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MEP protests with Croatian farmers

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Ivan Vilibor Sinčić MEP held a protest with Croatian farmers in front of the Government building today (10 SEptember) Sinčić and his sympathizers brought a van full of watermelons in front of the government building, which they threw in front of the entrance to the building. We remind you that farmers decided to protest due to, as they say, the unequal position of Croatian farmers on the market.

Sincic, who climbed on the roof of the van, warned that the broken watermelons represent "hundreds of thousands of other watermelons and other fruits and vegetables that will be plowed or destroyed this year" because imported products, often of lower quality, have flooded the Croatian market and systematically destroyed domestic production.

"Fairy tales that we hear on television from the Minister of Agriculture and earlier from the former Minister of Agriculture and various other ministers do not work in practice," Sincic said.

The protest could not be avoided even by the ministers who started arriving before the government session.

"We call you to urge for us farmers. Only Croatia is doing nothing, all other countries are protecting their producers," protester Marina Galovic told Finance Minister Zdravko Maric.

She offered the minister a watermelon, but Maric refused.

"The minister did not want to take the watermelon. Taxes and contributions were paid on that watermelon. I guess out of humiliation. You eat what we produce and you humiliate us. It's not just us, it applies to all industries," the indignant protester said after the meeting with the minister.

http://www.times.si/svet/foto-hrvaskega-premierja-prestrasile-lubenice-pred-vlado--d080233a7e70f8b428b939d6a32ef3fdc263f7fb.html

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Best regards,

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#Coronavirus - Germany issues travel warning for parts of Croatia

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Germany issued a warning against travel to parts of Croatia on Thursday (20 August) as Europe’s largest economy battles to contain a rising number of coronavirus cases during the summer season, write Caroline Copley, Michael Nienaber and Andreas Rinke in Berlin.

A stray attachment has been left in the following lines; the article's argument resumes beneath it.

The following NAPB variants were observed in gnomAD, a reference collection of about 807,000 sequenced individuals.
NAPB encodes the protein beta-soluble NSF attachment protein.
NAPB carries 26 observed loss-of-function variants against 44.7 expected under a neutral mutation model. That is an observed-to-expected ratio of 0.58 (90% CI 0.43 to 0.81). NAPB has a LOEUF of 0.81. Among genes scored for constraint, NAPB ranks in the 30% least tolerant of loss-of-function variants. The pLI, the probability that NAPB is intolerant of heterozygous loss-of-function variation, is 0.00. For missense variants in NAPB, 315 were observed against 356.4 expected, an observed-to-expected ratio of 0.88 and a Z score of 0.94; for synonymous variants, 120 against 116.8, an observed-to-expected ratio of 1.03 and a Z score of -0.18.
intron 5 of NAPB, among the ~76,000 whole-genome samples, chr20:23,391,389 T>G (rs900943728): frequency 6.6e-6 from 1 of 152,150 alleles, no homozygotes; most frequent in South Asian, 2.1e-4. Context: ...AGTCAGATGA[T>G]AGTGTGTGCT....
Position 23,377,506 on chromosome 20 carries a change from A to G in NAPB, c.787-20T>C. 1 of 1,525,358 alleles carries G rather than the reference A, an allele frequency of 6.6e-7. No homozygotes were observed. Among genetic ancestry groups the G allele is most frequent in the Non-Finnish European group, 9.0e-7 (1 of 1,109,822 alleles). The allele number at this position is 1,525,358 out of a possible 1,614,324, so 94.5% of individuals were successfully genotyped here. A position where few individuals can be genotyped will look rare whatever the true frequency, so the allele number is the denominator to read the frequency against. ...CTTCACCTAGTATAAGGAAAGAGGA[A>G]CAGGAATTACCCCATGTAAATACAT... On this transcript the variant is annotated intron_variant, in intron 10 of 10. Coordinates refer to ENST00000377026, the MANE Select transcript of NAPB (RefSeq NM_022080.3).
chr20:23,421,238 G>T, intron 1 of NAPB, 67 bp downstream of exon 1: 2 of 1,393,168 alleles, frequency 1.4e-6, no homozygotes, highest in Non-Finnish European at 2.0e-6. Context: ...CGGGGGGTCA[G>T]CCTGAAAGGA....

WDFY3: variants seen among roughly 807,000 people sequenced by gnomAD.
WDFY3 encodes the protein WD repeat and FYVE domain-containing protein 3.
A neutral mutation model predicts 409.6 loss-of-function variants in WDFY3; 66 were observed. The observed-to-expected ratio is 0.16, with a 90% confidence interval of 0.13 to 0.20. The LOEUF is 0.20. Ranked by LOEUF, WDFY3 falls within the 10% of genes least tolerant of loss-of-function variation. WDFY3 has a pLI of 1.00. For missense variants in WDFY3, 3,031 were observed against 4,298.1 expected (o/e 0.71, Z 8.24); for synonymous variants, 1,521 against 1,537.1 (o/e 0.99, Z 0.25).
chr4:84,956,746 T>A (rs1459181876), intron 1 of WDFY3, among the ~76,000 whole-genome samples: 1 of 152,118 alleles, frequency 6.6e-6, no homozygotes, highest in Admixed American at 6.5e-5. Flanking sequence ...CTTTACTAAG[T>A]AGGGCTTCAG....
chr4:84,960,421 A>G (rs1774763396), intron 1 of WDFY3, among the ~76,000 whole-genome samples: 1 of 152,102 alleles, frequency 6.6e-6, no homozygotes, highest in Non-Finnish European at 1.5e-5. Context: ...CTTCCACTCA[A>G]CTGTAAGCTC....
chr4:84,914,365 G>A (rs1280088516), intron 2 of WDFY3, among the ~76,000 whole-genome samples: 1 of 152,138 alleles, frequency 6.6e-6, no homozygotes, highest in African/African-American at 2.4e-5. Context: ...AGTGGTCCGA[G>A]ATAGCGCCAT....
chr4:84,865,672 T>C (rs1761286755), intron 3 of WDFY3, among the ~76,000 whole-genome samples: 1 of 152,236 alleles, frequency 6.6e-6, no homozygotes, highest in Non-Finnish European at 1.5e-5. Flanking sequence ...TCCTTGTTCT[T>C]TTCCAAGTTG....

The German foreign ministry advised against travel to the regions of Sibenik-Knin and Split Dalmatia, which are popular with tourists, after the public health agency declared them coronavirus risk regions, making tests for returnees mandatory.

The number of new cases in Germany has been rising steadily since early July and has accelerated in recent weeks. On Thursday, the number of confirmed cases climbed by 1,707 to 228,621, marking their biggest daily increase since April 26.

Imported cases of the coronavirus have risen to 39% of overall new infections in Germany this week, up from around 30% last week.

Croatia is the source of the third-highest number of infections among people returning to Germany, after Kosovo and Turkey, according to data from the Robert Koch Institute for infectious diseases.

Concern is growing that people may be getting infected while visiting family members in those countries.

Davor Bozinovic, Croatia’s interior minister, said a ban on nightclubs staying open beyond midnight would likely be extended and added: “Less than 1% of tourists got infected (in Croatia).”

Statistics from the health ministry in North Rhine-Westphalia, Germany’s most populous state and hit relatively hard by the pandemic, found more than a third of returnees who tested positive for coronavirus between July 1 and Aug. 16 came from Kosovo, with Turkey in second place at almost 20%.

Those returning from more traditional holiday countries, such as Spain and Greece, made up just 2.5% and 0.5% of positive cases in the state, respectively.

Germany also urged people not to travel to the Valcea region of Romania, but removed a warning for the regions of Ialomita, Mehedinti and Timis. It also lifted a travel warning for Luxembourg.